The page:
- The first stage was to go through the 9 scenarios for the first time. This was the hardest time for me. I constantly encountered errors but couldn’t figure out why. I was very frustrated and couldn’t see the light at the end of the tunnel. Luckily, I had my fellow course mates to help and it took me over a month to go through all 9 scenarios.
- The second stage was the continuous practice till I could be completely independent of the textbook. I spent the most time on this stage. It was very tiring but it’s also the most rewarding stage. I was looking through all kinds of reference books, official manuals, while consulting my friends and colleagues to solve all kinds of problems. Each time when a problem was solved I felt I made a small step forward. I went through the emotional ups and downs again and again, while telling myself to carry on. I finally was able to absorb the knowledge from all 9 scenarios along with the official documents in my mind as mental maps. This is a process of digesting and synthesizing an abundance of knowledge.
- The third stage was the intensive preparation right before the exam when I had to go through everything again to check for weak links while pressing on with the practice to improve my speed. This was also the stage at which I felt most accomplished as I was very self-disciplined. As someone who had almost no training on Linux, I was actually able to use all the Linus codes, which was a nice surprise.
It wasn’t till one month before the exam that I was able to complete all the scenarios without instructions. At that time, I was very anxious about the exam as I wasn’t sure how much speed-up I would manage over a month’s time. But once I’m off the instructions, I found myself speeding up very rapidly so maybe I should have gone off script sooner. During the last month, each day was very intensive as I was trying to get the most out of the training. I was going through all the scenarios every day, on weekends, and every two days on work days. Although my speed was maintained at around 50% just before the exam, I was no longer very nervous about it. Mr. Hou was very encouraging and gave some very useful advice before the exam, while I also kept telling myself to believe in what I know. My mindset was that I didn’t need to be perfect but only perform to the best I can. Overall, my exam went fairly well. I did come across a few small problems but was able to solve them calmly.Advice on Taking the OCM Exam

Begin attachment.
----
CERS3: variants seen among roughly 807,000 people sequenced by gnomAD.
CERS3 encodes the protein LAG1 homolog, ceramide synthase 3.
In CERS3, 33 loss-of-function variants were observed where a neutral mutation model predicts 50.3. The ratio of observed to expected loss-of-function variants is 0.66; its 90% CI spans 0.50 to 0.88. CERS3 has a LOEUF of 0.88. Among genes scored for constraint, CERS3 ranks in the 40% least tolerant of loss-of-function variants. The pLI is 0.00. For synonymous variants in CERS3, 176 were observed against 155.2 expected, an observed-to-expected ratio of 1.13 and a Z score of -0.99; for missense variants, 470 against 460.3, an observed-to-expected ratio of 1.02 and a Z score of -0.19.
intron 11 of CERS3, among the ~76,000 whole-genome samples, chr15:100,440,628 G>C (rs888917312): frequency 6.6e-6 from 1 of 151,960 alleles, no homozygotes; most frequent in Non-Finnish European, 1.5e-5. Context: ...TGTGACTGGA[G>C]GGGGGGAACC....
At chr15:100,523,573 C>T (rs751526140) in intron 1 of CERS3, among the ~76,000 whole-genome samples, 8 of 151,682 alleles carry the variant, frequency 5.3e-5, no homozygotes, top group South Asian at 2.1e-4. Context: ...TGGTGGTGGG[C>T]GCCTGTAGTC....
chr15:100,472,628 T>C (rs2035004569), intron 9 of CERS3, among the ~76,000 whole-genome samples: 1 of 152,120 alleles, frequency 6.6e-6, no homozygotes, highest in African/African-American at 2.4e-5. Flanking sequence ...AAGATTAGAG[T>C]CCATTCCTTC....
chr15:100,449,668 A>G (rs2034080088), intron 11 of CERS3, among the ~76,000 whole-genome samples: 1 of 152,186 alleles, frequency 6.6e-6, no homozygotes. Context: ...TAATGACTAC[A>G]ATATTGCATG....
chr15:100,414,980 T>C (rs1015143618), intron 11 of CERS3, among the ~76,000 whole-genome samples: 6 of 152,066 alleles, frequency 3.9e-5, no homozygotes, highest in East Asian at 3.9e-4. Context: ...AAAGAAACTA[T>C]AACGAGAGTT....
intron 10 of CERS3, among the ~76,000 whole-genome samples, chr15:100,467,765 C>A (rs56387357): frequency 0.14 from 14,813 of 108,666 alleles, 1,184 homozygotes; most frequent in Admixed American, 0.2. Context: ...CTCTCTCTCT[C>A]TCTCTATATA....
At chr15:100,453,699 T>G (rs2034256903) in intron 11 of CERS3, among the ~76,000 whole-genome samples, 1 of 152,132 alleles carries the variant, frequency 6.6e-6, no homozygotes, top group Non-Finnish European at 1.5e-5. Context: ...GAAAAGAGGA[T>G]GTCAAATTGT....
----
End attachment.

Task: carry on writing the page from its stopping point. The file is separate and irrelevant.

- Regardless your prior knowledge of Oracle and Linux, believe in yourself! Follow the instructions from the teachers and you will be fine.
- You have to join the “Hong Bao” (红包) Group. It will give you encouragement and help from teachers and course mates. You are not alone – there are many people behind you offering their support. [This group is in China. Find a similar community in your area to help you prepare for the exam and support you through the process.]
- Once you've completed the 9 scenarios, set the exam date as soon as possible. This will force you to start your preparation and improve your efficiency. The longer you drag it on, the more exhausting it will get.
- If your situation permits, attend the exam crash course. It will help you to know the latest development in exams. It was during this exam crash course, the teacher corrected some of my wrong operations and answered many of my questions, which really helped me to pass the exam.
- From when I first started, it took me nearly half a year to complete the database OCM exam. During this time, I went through a lot but also learned a lot. With the dedication and help from the teachers, I made great progress and also lots of lovely friends. I cherish all of this. Looking back the journey, I would like to thank all the teachers for their help and guidance, thank all my course mates for their precious friendship, thank my managers and colleagues for their support, and especially thank my family for their hard work and support. There’s no end in learning and I shall continue with my journey of learning!